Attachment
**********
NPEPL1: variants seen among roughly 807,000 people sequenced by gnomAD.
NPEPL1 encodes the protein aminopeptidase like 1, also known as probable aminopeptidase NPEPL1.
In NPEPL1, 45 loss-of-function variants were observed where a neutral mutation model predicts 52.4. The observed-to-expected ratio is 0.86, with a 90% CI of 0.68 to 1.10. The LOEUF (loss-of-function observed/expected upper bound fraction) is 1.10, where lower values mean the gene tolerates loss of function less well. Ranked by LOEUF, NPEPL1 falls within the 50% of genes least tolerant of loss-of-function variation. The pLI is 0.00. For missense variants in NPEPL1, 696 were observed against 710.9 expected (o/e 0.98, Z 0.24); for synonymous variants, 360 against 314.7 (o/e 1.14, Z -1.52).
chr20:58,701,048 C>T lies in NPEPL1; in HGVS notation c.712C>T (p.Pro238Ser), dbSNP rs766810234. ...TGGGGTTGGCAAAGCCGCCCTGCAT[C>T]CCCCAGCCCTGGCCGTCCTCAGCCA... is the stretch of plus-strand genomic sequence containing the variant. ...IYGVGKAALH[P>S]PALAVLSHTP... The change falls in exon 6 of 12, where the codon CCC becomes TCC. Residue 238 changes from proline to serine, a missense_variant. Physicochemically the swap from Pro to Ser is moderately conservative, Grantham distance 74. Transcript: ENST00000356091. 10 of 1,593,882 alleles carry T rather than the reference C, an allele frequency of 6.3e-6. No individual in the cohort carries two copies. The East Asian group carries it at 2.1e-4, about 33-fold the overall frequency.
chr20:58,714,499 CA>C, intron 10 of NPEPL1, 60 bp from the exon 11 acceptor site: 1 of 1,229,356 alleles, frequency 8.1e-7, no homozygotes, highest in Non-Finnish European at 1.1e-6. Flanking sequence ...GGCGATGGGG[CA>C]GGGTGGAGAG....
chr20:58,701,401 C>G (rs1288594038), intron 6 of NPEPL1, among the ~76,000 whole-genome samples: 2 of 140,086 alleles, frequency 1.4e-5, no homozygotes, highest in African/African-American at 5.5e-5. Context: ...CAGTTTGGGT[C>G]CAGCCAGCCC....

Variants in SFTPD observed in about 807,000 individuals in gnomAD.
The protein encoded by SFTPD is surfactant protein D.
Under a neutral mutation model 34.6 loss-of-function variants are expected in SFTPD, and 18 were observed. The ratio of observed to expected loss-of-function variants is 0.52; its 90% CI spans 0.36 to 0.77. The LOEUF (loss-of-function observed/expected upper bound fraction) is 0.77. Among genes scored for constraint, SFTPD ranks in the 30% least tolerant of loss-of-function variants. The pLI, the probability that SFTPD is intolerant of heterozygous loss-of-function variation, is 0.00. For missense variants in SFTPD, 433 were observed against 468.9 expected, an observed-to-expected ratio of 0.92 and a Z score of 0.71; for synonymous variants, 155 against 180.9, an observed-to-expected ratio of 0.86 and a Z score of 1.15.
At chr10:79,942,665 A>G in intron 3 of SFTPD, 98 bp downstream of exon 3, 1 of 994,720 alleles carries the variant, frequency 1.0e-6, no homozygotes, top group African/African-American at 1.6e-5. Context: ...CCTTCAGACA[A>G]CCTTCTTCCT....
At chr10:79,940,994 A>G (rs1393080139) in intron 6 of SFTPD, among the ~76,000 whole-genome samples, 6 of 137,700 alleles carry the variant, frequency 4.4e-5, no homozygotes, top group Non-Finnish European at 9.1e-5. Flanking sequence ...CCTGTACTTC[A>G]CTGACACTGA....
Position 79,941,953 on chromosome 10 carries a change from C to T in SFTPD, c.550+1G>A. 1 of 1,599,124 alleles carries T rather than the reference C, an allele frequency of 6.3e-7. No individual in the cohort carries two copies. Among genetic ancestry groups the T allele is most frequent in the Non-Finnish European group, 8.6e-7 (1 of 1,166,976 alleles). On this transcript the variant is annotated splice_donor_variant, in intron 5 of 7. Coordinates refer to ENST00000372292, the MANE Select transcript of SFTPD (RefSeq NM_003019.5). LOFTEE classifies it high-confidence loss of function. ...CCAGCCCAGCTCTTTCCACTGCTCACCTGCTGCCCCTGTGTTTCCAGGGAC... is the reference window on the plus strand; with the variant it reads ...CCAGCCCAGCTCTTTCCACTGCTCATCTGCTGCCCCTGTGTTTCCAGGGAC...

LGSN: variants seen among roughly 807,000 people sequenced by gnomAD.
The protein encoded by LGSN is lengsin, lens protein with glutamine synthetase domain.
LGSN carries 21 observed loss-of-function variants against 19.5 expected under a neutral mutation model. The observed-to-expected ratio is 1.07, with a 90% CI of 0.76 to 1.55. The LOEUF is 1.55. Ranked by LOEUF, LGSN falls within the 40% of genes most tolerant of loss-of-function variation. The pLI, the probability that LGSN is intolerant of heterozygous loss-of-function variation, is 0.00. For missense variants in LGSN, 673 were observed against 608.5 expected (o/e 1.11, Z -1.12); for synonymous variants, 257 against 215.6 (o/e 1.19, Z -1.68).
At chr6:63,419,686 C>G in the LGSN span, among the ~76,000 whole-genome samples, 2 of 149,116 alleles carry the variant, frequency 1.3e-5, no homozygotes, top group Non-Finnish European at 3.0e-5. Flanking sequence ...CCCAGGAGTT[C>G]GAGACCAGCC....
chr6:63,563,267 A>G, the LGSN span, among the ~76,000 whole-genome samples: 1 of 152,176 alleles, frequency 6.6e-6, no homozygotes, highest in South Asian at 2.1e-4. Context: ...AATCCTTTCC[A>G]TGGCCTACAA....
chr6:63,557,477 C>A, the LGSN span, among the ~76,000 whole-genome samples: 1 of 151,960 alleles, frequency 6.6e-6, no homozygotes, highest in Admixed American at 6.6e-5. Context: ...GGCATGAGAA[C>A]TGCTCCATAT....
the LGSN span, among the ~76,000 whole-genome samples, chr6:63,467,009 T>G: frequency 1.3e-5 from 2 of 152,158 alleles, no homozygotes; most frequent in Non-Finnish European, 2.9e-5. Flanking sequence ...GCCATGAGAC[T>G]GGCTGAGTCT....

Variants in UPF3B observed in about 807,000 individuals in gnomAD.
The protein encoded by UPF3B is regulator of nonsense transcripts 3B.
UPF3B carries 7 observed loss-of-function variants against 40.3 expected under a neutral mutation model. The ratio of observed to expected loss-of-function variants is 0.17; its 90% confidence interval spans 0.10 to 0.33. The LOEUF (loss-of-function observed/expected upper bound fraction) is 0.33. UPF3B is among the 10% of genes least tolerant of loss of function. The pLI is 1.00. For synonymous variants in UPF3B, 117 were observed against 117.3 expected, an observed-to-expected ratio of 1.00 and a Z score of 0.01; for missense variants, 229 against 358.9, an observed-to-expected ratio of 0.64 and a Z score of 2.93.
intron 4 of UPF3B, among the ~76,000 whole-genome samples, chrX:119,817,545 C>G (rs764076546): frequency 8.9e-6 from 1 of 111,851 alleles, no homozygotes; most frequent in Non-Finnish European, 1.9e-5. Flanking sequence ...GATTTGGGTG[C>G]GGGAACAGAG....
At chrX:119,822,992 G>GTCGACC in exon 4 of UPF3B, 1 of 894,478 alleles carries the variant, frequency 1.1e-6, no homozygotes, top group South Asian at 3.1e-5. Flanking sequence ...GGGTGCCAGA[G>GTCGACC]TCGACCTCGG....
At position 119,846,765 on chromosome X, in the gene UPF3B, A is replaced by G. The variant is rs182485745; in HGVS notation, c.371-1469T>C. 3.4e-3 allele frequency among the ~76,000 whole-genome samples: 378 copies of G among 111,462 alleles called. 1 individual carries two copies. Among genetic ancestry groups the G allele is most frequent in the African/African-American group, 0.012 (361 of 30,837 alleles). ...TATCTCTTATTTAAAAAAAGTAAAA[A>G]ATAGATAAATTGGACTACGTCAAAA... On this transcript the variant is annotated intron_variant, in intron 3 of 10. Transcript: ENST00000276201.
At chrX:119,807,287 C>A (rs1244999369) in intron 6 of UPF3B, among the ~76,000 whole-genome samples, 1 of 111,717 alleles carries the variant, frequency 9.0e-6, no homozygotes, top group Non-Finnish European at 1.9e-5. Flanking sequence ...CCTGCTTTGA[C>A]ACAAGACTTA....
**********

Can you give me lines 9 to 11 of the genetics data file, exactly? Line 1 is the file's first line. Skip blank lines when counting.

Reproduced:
Under a neutral mutation model 34.6 loss-of-function variants are expected in SFTPD, and 18 were observed. The ratio of observed to expected loss-of-function variants is 0.52; its 90% CI spans 0.36 to 0.77. The LOEUF (loss-of-function observed/expected upper bound fraction) is 0.77. Among genes scored for constraint, SFTPD ranks in the 30% least tolerant of loss-of-function variants. The pLI, the probability that SFTPD is intolerant of heterozygous loss-of-function variation, is 0.00. For missense variants in SFTPD, 433 were observed against 468.9 expected, an observed-to-expected ratio of 0.92 and a Z score of 0.71; for synonymous variants, 155 against 180.9, an observed-to-expected ratio of 0.86 and a Z score of 1.15.
At chr10:79,942,665 A>G in intron 3 of SFTPD, 98 bp downstream of exon 3, 1 of 994,720 alleles carries the variant, frequency 1.0e-6, no homozygotes, top group African/African-American at 1.6e-5. Context: ...CCTTCAGACA[A>G]CCTTCTTCCT....
At chr10:79,940,994 A>G (rs1393080139) in intron 6 of SFTPD, among the ~76,000 whole-genome samples, 6 of 137,700 alleles carry the variant, frequency 4.4e-5, no homozygotes, top group Non-Finnish European at 9.1e-5. Flanking sequence ...CCTGTACTTC[A>G]CTGACACTGA....